If it’s possible to do so while also experiencing a show, even better. Amongst the many different theatrical experiences that Edinburgh offers for the length of August, there are usually a few that briefly extract theatregoers from the relentless rush of the festival and create a calm, intimate space apart. Last year – for me at least – it was Unfinished Business’ piece Only Wolves and Lions, which gathered a group of strangers to cook and eat together. Simple, you might think, but surprisingly restorative.
This year, that respite comes in the form of Greg Wohead‘s Hurtling. Playing offsite as part of Forest Fringe’s Edinburgh offering, the headphone performance for one at a time takes place on the side of Carlton Hill, overlooking Leith. Within an aptly fleeting structure, Wohead asks us to reconsider our experiences of time, demonstrating the impossibility of ever truly being in the present. Hurtling also offers one of the most heart-pumping moments of connection you’re likely to find in a piece of performance, but experienced over a poignantly unbridgeable gulf. I walk back down the hill seeing the city and my movement through it with different eyes.
"I find it’s emotion that’s really getting me this year"
Hurtling is not the only piece of theatre getting audiences to take a bit of time out. Earlier in the week, I’m charmed by Somebody I Used to Know, which invites a single audience member to eat sweets, swig rum and think about friendships past while hidden away in a cosy den opposite Assembly Roxy. It’s a slight slip of a show, but I find it remarkably calming.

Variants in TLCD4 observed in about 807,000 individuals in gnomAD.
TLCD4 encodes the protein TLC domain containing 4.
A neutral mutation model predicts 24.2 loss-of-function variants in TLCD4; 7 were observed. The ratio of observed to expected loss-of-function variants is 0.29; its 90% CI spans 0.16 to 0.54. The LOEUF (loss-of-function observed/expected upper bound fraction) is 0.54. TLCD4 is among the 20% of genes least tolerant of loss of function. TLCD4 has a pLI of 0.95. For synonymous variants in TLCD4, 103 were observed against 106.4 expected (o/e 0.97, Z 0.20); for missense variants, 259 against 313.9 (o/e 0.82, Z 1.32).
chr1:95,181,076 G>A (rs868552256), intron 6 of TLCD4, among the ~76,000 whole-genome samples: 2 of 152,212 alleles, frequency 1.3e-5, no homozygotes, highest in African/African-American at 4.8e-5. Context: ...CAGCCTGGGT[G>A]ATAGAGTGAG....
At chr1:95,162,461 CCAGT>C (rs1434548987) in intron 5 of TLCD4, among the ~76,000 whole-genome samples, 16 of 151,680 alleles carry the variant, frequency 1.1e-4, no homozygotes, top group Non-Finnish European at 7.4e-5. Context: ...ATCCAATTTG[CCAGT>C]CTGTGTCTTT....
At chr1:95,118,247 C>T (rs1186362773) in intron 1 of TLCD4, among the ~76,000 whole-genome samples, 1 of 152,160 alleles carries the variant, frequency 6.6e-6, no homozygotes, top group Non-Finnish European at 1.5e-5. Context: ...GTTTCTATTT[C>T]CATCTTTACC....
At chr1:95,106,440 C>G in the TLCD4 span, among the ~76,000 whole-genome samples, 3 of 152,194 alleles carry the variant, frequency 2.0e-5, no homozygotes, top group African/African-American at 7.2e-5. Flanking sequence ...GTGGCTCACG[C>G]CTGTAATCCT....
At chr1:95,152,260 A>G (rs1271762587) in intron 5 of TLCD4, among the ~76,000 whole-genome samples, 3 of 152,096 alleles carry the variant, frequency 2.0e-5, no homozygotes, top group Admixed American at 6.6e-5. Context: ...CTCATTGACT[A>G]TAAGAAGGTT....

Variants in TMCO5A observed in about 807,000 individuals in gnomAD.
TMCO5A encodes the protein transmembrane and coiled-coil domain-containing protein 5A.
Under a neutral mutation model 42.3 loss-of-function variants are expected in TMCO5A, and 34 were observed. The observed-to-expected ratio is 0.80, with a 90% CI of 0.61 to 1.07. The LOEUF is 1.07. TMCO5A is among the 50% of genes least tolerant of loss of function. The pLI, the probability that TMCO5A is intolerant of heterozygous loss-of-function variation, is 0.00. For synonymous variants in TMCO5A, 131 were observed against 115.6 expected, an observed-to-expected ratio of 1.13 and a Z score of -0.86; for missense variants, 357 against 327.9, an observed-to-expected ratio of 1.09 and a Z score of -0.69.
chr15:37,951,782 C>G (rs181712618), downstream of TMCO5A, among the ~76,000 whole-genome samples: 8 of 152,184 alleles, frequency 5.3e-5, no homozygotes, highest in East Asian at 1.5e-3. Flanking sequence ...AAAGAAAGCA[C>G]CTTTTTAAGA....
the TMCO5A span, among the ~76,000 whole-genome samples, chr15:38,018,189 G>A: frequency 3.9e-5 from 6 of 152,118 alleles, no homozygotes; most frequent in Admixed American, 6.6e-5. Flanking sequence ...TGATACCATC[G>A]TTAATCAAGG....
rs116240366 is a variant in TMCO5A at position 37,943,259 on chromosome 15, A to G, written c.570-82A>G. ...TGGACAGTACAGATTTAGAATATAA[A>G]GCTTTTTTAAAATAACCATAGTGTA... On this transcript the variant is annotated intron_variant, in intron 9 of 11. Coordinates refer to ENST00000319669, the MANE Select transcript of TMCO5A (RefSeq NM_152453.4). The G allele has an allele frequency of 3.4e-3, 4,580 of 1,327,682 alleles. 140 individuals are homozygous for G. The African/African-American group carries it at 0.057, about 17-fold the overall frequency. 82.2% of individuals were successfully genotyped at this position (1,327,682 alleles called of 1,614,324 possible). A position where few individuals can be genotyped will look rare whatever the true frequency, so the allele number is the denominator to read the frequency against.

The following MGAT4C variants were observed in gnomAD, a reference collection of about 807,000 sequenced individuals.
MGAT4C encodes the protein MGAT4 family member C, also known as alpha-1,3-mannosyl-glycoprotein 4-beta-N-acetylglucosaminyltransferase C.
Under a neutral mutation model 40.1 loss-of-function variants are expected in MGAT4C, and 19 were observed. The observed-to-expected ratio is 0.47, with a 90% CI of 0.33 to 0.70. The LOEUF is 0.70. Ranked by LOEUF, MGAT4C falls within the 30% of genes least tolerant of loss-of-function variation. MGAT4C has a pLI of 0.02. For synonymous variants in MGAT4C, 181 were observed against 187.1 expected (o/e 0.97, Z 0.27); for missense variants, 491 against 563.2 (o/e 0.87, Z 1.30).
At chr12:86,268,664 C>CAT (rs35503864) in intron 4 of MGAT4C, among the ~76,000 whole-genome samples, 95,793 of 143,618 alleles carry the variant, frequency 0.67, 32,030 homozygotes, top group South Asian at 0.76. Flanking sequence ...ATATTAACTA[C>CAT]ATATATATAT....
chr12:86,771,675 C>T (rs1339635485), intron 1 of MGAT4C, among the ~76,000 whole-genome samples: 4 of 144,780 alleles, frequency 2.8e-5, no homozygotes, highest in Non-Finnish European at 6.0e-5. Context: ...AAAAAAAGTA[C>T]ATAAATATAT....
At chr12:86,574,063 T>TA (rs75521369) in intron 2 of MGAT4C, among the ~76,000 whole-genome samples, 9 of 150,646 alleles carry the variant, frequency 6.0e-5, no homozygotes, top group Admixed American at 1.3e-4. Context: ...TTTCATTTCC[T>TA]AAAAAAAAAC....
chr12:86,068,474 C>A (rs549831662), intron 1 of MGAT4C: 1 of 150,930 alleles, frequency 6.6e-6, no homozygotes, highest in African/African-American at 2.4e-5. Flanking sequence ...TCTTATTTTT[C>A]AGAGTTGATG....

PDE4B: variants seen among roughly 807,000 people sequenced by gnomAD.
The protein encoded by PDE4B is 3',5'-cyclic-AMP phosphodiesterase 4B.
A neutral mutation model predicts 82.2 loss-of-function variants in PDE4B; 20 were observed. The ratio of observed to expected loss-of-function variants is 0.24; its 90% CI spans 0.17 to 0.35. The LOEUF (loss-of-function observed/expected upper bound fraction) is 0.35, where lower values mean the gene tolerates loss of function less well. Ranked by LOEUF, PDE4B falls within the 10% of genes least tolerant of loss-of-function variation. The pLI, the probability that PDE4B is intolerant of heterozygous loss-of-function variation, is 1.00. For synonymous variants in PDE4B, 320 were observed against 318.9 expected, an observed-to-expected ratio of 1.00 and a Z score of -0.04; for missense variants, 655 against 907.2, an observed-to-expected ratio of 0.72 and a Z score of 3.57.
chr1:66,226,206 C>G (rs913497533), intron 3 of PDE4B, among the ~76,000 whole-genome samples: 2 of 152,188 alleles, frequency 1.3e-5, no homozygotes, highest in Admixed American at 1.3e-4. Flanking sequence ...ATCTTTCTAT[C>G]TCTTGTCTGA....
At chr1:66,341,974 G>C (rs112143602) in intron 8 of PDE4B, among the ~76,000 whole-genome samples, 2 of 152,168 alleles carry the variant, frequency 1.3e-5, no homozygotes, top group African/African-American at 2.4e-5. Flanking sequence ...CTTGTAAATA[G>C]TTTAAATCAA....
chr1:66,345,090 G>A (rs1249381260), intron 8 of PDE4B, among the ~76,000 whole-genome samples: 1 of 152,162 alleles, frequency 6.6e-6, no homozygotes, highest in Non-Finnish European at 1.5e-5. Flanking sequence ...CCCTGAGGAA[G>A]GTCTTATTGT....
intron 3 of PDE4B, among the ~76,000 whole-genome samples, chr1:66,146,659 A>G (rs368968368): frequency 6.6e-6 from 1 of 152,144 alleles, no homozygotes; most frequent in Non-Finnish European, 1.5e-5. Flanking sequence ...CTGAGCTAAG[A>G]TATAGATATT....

I regret, meanwhile, that I had to miss Brian Lobel‘s Forest Fringe piece, in which audience members are invited, one by one, to snuggle up in bed with Lobel, watch Sex and the City and reflect on their own relationships. Then there’s Verity Standen‘s Hug (Forest Fringe again), which intriguingly promises an "immersive choral bath". I can’t wait to experience it for myself later this week.
Elsewhere, I find it’s emotion that’s really getting me this year. Chris Goode‘s extraordinary Men in the Cities leaves me feeling shaken and hollowed out, its anger and tenderness making a potent cocktail. I cry during Clara Brennan‘s upsetting yet galvanising Spine, while the sheer beauty of Return to the Voice at St Giles Cathedral almost moves me to tears again. And during an early showing of Bryony Kimmings and Tim Grayburn’s new show, a piece looking at mental health, my eyes prickle once more. Maybe I need another break already.
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